In this file photo taken on September 22, 2014 an Alpine Ibex, a species of wild goat that lives in the mountains of the European Alps, licks stones on a vertical dam (up to 80°) at the lake Cingino, at 2200 m altitude, on near Antrona Piana. (AFP/Olivier Morin)
A Swiss region that has faced heavy criticism for allowing wealthy foreigners to pay large sums to shoot protected Alpine ibexes, a species of wild goat, for trophies decided Friday to end the practice.
The southern Swiss canton of Wallis, the only one to allow the trophy hunting, said in a statement that as of next year, foreigners would no longer be granted permits to hunt ibexes.
The canton stressed that its Alpine ibex population was growing healthily and said there was still a need for responsible regulation through hunting.
But it said that from 2021, "ibex regulation will only be carried out by hunters residing in the canton of Wallis or those who hold a Wallis hunting licence."
The canton has for years quietly allowed trophy hunters to shoot ageing male ibexes already destined for elimination.
But a documentary aired by public broadcaster RTS last year brought the trophy hunt to the attention of the broader public, sparking a heated debate across Switzerland about the practice and its potential impact on the viability of the species.
Outraged citizens launched a petition demanding the "disgraceful" hunt be halted, gathering some 75,000 signatures in a matter of months.
The entire Swiss ibex population was wiped out at the end of the 19th century, but since they were reintroduced from neighboring Italy, the population in the country has grown to around 17,000.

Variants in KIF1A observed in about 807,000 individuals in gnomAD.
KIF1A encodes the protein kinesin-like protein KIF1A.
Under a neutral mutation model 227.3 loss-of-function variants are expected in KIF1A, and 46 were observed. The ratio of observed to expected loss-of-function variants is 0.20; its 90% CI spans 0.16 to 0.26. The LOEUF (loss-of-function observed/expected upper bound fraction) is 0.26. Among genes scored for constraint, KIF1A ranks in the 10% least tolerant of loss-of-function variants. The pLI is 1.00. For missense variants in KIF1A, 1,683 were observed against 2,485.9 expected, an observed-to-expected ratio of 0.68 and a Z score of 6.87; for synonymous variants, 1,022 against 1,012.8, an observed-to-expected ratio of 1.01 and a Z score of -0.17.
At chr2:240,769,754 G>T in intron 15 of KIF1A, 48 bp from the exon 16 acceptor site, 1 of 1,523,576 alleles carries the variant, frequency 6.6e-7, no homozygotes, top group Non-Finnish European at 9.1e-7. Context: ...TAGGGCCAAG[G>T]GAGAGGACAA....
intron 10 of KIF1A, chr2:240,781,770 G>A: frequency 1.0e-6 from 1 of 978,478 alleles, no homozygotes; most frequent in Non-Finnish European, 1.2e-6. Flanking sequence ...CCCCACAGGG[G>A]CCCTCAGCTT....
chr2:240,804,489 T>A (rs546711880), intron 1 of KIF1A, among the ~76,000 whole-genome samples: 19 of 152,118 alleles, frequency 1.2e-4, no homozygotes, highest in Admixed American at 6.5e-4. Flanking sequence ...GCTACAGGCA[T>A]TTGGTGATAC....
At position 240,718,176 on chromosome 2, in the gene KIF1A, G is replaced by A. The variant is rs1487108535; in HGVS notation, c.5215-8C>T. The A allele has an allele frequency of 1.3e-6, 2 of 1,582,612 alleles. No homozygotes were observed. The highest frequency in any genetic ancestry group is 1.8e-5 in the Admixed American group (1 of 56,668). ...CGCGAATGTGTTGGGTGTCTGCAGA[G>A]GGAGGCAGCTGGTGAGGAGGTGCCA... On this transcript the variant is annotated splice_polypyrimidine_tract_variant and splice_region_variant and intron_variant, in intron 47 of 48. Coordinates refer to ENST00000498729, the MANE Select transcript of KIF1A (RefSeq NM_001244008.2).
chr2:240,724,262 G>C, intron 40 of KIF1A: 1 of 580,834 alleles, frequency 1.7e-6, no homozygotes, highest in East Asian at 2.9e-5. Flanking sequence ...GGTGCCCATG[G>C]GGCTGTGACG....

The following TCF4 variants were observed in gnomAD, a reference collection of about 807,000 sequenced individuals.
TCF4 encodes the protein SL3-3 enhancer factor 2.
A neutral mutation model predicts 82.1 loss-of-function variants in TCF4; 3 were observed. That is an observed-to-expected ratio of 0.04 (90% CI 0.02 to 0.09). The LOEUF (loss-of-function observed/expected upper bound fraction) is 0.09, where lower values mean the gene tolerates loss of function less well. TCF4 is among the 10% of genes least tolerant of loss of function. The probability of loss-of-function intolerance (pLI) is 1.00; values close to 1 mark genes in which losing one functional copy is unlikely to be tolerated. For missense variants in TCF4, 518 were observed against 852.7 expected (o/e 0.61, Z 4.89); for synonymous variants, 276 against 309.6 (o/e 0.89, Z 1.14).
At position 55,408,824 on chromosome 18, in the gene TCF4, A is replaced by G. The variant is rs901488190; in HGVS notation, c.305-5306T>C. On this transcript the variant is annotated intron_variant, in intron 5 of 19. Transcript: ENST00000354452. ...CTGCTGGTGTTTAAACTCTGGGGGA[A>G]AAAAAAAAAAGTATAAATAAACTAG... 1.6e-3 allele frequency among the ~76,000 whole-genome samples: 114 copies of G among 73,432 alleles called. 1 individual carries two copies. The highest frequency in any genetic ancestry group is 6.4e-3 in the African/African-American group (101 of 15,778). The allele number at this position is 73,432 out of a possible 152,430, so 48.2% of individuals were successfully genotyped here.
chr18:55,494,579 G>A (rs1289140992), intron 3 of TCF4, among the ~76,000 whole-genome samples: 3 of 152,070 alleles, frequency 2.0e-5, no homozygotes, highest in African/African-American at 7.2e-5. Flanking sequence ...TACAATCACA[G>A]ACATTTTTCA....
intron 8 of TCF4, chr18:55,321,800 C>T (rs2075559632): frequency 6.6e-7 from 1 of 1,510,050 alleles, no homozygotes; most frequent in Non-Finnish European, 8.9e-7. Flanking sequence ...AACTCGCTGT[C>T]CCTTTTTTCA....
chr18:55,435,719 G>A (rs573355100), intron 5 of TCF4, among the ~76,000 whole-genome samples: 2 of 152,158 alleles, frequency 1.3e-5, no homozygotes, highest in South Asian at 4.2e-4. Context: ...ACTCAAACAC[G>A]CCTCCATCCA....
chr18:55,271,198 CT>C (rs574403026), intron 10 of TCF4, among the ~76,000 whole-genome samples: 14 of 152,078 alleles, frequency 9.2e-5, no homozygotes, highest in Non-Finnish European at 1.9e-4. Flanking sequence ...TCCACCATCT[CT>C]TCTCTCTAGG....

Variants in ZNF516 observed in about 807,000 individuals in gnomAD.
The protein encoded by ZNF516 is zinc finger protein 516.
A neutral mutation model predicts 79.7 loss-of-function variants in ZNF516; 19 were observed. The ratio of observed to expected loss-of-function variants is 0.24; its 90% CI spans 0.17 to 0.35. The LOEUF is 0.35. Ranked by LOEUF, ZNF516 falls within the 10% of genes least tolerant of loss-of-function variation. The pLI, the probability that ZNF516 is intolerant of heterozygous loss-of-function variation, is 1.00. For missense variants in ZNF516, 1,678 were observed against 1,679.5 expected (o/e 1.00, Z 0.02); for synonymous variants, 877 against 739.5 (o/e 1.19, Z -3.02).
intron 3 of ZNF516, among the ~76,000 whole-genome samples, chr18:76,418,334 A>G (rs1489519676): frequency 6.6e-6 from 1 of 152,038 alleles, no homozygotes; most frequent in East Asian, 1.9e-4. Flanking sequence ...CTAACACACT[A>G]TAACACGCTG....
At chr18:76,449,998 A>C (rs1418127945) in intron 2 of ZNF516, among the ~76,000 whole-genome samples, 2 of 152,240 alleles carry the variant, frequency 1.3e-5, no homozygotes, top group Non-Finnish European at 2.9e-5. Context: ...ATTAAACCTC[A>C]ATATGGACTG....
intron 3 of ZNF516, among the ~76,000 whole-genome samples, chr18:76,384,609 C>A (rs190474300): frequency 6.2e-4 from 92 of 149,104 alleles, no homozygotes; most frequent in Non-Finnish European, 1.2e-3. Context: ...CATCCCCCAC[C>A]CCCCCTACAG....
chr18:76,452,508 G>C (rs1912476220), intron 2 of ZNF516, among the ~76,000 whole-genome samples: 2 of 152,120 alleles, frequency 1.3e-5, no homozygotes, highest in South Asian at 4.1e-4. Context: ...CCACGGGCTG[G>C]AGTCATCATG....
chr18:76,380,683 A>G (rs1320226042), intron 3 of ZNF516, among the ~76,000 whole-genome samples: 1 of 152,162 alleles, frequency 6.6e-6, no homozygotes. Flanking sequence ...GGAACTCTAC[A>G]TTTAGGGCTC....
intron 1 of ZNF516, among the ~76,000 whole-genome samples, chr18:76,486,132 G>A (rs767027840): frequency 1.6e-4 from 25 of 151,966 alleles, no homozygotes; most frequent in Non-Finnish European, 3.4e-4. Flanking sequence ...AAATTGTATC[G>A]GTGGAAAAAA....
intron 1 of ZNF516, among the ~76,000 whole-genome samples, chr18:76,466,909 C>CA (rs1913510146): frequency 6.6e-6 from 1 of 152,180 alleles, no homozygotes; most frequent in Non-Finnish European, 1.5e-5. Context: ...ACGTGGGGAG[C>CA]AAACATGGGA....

Wallis counted 6,030 ibexes at the end of 2019 -- nearly double the roughly 3,500 in the canton 15 years earlier.
The canton allows several hundred animals to be culled each year, with the maximum quota this year standing at 544 animals.
Animals across all age groups and of both sexes can be listed for culling, but males over the age of 11 are typically offered to trophy hunters, at a price.
The cost depends on the length of the horns, with the longest specimens, measuring around 1.10 meters, reportedly raking in up to $20,000 for a pair.
The canton has pocketed hundreds of thousands of dollars in income from this hunt annually.
For 2020, authorities have granted hunting permits for up to 45 large males over the age of 11, including 25 to foreign hunters.
While the canton will lose income once the foreign trophy hunters are gone, it pointed out Friday that the shift would lead to a reduction in workload for game rangers, who had been tasked with supervising and accompanying foreigners holding one-day hunting permits.
This, it said, would allow the region to save on personnel resources, meaning there would be no need to hike hunting licence prices for Wallis residents, which had been one of the main sticking points in the debate.
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